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PURCHASING A USED BROWNING OR
WINCHESTER 1885 BPCR
By Wayne McLerran
Last updated 4/15/2013

For those of you considering the purchase of a used Browning or
Winchester 1885 High Wall BPCR, especially one listed for sale via an
Internet web site, it might be helpful to share some of my experiences
while buying and selling close to 200 of the rifles to date.  Although the
Winchester BPCRs are relatively new and produced in much smaller
quantities, they are identical to the Browning BPCRs.  Therefore, the
same issues and comments will apply once used rifles come up for sale.

For the most part I have found that firearm sellers are honest, but there will
always be unscrupulous sellers, and Internet-based sales does not provide
the opportunity to handle and check out a firearm prior to sending
substantial funds.  Since BPCR shooters tend to know, or at least know
of, each other through matches and the several online discussion forums,
there’s less likelihood of dishonesty, but I can attest to the fact that it does
exist.

The Browning & Winchester BPCRs have rather complicated actions,
meaning that many rifle owners, buyers and sellers do not have the
expertise to disassemble and adequately determine its condition.  And
many of these firearms are repeatedly purchased and sold prior to ending
up in the hands of an actual shooter; therefore the seller may be unfamiliar
with the intended purpose of the firearm being sold and also not aware of
the correct accessories that originally sold with the rifle.  A good example
is a firearm retailer selling a rifle on consignment.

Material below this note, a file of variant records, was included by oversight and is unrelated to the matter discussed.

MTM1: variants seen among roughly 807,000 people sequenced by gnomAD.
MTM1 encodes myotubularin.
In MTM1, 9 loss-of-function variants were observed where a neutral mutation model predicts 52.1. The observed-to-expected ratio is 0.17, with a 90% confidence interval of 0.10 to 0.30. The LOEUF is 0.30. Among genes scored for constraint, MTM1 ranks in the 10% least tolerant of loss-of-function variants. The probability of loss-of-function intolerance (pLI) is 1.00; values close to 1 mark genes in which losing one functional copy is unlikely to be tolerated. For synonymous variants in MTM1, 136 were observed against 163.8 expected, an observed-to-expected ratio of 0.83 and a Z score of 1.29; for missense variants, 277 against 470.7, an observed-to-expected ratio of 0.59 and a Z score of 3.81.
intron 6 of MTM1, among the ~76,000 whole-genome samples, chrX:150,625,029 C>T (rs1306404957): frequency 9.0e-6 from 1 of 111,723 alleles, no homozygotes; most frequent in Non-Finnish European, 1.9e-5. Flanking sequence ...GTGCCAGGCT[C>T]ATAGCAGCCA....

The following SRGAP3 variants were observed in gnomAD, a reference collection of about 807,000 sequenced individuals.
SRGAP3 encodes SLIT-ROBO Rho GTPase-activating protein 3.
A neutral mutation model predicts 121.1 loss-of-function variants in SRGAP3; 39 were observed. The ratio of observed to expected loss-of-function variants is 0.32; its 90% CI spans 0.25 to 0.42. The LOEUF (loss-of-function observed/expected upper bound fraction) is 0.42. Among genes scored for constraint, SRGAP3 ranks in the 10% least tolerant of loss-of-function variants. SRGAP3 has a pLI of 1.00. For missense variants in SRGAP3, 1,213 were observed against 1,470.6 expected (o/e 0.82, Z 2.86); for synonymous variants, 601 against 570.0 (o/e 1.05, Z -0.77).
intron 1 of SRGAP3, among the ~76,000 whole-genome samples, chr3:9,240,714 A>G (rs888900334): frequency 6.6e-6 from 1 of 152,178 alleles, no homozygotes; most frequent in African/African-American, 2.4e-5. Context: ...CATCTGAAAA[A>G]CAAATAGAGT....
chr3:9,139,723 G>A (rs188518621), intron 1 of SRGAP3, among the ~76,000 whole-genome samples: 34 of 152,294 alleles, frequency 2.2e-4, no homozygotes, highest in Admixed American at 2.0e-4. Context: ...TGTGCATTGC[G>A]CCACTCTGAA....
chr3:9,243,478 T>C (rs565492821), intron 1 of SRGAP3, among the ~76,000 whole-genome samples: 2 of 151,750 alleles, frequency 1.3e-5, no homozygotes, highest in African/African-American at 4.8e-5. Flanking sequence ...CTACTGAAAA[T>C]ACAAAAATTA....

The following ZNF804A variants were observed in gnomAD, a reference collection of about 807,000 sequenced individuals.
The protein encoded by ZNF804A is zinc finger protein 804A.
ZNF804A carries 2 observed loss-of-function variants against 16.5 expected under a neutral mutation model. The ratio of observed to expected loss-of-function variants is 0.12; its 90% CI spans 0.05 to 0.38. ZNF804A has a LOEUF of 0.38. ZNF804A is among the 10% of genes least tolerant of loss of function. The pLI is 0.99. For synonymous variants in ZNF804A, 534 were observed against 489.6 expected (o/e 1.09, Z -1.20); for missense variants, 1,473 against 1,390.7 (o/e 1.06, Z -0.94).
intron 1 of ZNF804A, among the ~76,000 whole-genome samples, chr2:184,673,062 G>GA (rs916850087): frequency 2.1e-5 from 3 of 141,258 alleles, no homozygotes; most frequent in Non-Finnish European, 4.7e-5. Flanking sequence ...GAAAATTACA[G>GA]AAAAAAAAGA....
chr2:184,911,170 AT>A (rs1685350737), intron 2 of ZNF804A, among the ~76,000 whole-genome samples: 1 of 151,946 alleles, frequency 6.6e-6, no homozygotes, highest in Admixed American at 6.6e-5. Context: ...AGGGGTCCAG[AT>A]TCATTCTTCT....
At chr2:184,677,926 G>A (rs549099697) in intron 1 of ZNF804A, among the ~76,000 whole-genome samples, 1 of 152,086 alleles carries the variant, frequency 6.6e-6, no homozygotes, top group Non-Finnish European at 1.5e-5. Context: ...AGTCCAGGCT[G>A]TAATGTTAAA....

A few years ago, when first buying and selling firearms, I purchased two
Browning BPCR rifle from separate sellers via two of the well-known
Internet firearm sites.  After receiving the rifles it quickly became clear that
the condition of the rifles were intentionally misrepresented.  Both sellers
refused to accept the rifles back, issue a refund or admit to false
representation.  One rifle had the forearm bedded (glued) to the forearm
hanger and barrel.  The rifle had been represented as like new and
required a lot of work and a new forearm to return it to original condition.  
The other rifle had a “ringed” chamber.  The seller had specifically
indicated the chamber and bore were like new.  The barrel had to be “set
back” and rechambered.  Afterwards, after taking plenty of photos and
documenting the problems, at every opportunity over a period of several
months, I identified the sellers by name and address on various Internet
firearm discussion forums.  By the way, although they may advertise
otherwise, do not expect the firearm listing sites to aid buyers in these
situations to any degree.  They may make a weak attempt to resolve the
situation, but their main goal is to cultivate a relationship with sellers and
continue to collect sales fees.

Following is a list of conditions and problems I’ve run into while purchasing
used Browning’s for resale; conditions that were not identified by the
sellers.  None were factory problems, but the direct result of, shooter
abuse, ignorance or intentional misrepresentation by the seller.

•        The ringed chamber mentioned earlier.
•        Pitted bore – not obvious without a bore scope.
•        Forearm bedded (glued) to the forearm hanger and barrel –
mentioned earlier.
•        Both mainsprings shortened, which resulted in the hammer
intermittently catching in the ½ cock position when fired.  Required time
and work to identify problem and mainsprings were replaced.
•        Damaged front sight required some machine work and replacement
of the spirit level vial.
•        Cracked front sight spirit level vial, and vial housing end cap missing
(very common).